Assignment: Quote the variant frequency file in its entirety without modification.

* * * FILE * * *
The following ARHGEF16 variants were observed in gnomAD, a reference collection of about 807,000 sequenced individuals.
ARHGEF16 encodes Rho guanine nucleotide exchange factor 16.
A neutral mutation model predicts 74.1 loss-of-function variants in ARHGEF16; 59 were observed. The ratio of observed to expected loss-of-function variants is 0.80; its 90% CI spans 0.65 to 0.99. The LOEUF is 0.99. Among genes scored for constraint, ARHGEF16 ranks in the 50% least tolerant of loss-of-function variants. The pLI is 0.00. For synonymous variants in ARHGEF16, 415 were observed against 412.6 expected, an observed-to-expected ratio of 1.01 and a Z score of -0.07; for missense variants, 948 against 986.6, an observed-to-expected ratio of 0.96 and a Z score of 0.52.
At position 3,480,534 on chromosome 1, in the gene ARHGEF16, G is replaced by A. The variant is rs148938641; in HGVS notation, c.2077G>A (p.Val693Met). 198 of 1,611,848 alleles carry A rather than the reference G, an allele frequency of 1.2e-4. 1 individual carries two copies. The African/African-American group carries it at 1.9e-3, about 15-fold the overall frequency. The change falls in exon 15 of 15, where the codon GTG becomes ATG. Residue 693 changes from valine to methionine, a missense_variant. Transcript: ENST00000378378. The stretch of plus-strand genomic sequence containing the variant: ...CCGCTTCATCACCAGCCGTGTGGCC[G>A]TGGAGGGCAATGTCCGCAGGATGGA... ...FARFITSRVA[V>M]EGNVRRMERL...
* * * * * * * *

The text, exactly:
The following ARHGEF16 variants were observed in gnomAD, a reference collection of about 807,000 sequenced individuals.
ARHGEF16 encodes Rho guanine nucleotide exchange factor 16.
A neutral mutation model predicts 74.1 loss-of-function variants in ARHGEF16; 59 were observed. The ratio of observed to expected loss-of-function variants is 0.80; its 90% CI spans 0.65 to 0.99. The LOEUF is 0.99. Among genes scored for constraint, ARHGEF16 ranks in the 50% least tolerant of loss-of-function variants. The pLI is 0.00. For synonymous variants in ARHGEF16, 415 were observed against 412.6 expected, an observed-to-expected ratio of 1.01 and a Z score of -0.07; for missense variants, 948 against 986.6, an observed-to-expected ratio of 0.96 and a Z score of 0.52.
At position 3,480,534 on chromosome 1, in the gene ARHGEF16, G is replaced by A. The variant is rs148938641; in HGVS notation, c.2077G>A (p.Val693Met). 198 of 1,611,848 alleles carry A rather than the reference G, an allele frequency of 1.2e-4. 1 individual carries two copies. The African/African-American group carries it at 1.9e-3, about 15-fold the overall frequency. The change falls in exon 15 of 15, where the codon GTG becomes ATG. Residue 693 changes from valine to methionine, a missense_variant. Transcript: ENST00000378378. The stretch of plus-strand genomic sequence containing the variant: ...CCGCTTCATCACCAGCCGTGTGGCC[G>A]TGGAGGGCAATGTCCGCAGGATGGA... ...FARFITSRVA[V>M]EGNVRRMERL...